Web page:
Settlement Reasonableness from Negotiations to Coverage Disputes

Tue Feb 21 15:24:38 EST 2012
By Dr. David Tabak

An important decision in litigation-one no doubt informed by an understanding of the evidence and relevant legal issues-is how to evaluate the settlement value of a case. This decision will generally come up first in evaluating a case and will typically become more prominent when a party considers making a settlement offer or deciding whether to accept or reject an offer from an opposing party. There may also be additional instances in which the size of a settlement will be considered, such as when a potential acquirer evaluates the purchase of a company with outstanding legal issues, or if the size of a proposed settlement leads to a coverage dispute between the insured and its carriers. Consequently, many parties have a desire for a methodology for estimating settlement values that is both accurate and convincing. This NERA paper, by Senior Vice President Dr. David Tabak, examines the approaches to estimating and evaluating settlements, which can range from subjective to objective. At one extreme is the purely subjective analysis that may be conducted by an experienced professional, such as a lawyer, judge, or mediator. At the other is the objective quantitative analysis performed by a statistician or econometrician. Dr. Tabak discusses the benefits and drawbacks to both approaches, which vary depending on the circumstances in which they are used.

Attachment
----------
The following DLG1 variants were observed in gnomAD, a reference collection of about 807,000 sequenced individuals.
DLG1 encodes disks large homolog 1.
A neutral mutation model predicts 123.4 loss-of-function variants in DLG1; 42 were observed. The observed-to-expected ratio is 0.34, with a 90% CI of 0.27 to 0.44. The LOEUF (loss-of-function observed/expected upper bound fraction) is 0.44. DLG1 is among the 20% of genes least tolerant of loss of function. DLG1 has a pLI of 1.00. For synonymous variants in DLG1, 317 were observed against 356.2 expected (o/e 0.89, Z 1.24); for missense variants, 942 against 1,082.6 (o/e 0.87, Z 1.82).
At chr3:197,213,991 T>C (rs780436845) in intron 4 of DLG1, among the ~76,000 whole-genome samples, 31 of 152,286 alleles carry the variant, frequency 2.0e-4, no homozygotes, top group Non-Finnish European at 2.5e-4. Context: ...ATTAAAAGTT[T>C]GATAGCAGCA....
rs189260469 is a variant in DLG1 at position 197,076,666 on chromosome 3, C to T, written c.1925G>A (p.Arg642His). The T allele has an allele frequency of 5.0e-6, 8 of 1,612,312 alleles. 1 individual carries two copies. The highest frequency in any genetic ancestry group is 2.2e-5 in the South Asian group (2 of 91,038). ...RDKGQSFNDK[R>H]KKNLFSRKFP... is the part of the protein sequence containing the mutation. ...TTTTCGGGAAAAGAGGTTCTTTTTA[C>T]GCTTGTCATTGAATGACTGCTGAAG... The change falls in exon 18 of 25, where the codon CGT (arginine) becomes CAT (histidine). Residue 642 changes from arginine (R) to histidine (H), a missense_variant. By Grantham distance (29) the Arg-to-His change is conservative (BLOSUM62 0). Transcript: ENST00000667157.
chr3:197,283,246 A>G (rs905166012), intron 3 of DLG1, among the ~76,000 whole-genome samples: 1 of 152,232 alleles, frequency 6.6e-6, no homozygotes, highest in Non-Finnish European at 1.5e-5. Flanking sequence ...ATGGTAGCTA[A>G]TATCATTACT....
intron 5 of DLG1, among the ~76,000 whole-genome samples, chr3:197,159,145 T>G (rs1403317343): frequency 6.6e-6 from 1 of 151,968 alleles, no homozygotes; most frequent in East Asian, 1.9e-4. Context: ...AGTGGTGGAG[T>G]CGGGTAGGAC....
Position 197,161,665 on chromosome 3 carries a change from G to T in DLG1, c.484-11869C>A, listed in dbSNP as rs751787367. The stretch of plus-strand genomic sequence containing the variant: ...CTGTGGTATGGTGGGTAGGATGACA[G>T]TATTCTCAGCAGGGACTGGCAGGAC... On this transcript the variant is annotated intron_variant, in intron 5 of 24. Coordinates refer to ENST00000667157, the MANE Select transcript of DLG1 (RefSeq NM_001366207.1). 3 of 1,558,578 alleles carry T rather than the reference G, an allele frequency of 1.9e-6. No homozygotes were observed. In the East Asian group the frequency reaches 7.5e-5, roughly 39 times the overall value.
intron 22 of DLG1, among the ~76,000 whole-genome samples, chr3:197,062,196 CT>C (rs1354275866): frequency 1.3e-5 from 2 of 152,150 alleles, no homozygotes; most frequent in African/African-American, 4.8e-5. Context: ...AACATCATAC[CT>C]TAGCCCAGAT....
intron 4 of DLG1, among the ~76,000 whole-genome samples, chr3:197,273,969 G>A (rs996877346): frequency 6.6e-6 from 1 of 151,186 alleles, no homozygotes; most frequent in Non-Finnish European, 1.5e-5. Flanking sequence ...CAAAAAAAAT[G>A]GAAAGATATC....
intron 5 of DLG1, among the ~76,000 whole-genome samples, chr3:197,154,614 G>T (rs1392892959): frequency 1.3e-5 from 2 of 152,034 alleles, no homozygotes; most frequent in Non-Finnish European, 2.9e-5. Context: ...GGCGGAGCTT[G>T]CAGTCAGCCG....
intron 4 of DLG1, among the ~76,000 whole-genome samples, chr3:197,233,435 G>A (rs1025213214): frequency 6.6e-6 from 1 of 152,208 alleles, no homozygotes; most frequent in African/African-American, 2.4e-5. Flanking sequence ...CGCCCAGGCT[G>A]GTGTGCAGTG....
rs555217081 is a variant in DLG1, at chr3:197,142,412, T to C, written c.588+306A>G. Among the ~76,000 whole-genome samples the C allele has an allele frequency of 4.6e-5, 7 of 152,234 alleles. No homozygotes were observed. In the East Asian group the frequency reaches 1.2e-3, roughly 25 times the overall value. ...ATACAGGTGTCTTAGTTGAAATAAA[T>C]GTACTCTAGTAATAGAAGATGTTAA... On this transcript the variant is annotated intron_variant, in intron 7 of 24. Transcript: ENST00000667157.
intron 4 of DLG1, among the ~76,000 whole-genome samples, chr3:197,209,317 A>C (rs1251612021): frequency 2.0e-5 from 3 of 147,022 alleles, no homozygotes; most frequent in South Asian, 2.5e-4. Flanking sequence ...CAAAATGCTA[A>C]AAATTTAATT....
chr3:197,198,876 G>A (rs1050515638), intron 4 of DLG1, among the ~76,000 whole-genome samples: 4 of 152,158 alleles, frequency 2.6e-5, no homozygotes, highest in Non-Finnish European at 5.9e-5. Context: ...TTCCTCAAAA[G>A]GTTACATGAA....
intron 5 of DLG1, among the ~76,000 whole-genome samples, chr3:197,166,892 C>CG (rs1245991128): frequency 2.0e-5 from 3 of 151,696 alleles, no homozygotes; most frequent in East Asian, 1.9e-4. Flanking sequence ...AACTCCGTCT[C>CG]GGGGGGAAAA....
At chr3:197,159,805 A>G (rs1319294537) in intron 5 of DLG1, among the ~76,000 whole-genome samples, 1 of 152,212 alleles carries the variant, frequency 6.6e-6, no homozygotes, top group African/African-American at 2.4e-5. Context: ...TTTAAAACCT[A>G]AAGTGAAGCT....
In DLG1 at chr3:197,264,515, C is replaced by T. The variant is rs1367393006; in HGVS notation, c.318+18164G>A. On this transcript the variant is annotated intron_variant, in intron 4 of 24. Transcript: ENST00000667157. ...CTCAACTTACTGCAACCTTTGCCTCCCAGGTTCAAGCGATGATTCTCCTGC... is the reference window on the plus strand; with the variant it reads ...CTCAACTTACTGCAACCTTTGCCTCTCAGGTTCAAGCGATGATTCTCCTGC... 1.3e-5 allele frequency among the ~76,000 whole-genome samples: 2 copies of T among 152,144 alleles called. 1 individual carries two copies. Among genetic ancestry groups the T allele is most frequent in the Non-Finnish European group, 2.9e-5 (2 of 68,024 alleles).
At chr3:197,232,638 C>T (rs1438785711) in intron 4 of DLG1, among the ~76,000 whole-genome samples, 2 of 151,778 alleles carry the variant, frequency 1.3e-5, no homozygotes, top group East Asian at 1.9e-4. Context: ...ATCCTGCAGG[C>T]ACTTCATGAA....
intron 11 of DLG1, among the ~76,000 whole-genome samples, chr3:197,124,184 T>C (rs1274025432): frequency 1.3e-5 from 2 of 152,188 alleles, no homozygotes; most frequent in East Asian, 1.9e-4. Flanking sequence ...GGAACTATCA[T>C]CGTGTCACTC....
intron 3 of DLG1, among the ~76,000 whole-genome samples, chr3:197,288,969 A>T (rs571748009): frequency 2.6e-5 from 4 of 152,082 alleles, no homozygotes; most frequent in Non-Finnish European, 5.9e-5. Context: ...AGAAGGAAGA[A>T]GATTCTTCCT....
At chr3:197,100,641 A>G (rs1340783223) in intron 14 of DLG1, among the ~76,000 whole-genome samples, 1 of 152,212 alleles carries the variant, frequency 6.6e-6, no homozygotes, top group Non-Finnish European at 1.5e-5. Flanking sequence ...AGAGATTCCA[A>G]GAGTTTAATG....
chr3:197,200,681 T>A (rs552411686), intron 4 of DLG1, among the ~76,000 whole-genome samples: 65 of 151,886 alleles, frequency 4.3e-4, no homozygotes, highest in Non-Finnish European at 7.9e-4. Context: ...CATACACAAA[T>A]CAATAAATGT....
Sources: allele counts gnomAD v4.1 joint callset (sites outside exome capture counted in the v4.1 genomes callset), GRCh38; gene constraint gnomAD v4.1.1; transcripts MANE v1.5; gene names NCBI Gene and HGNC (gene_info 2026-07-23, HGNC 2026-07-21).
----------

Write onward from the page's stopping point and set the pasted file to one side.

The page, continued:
A version of this article was published in Financier Worldwide's Litigation & Dispute Resolution 2012, a Global Reference Guide.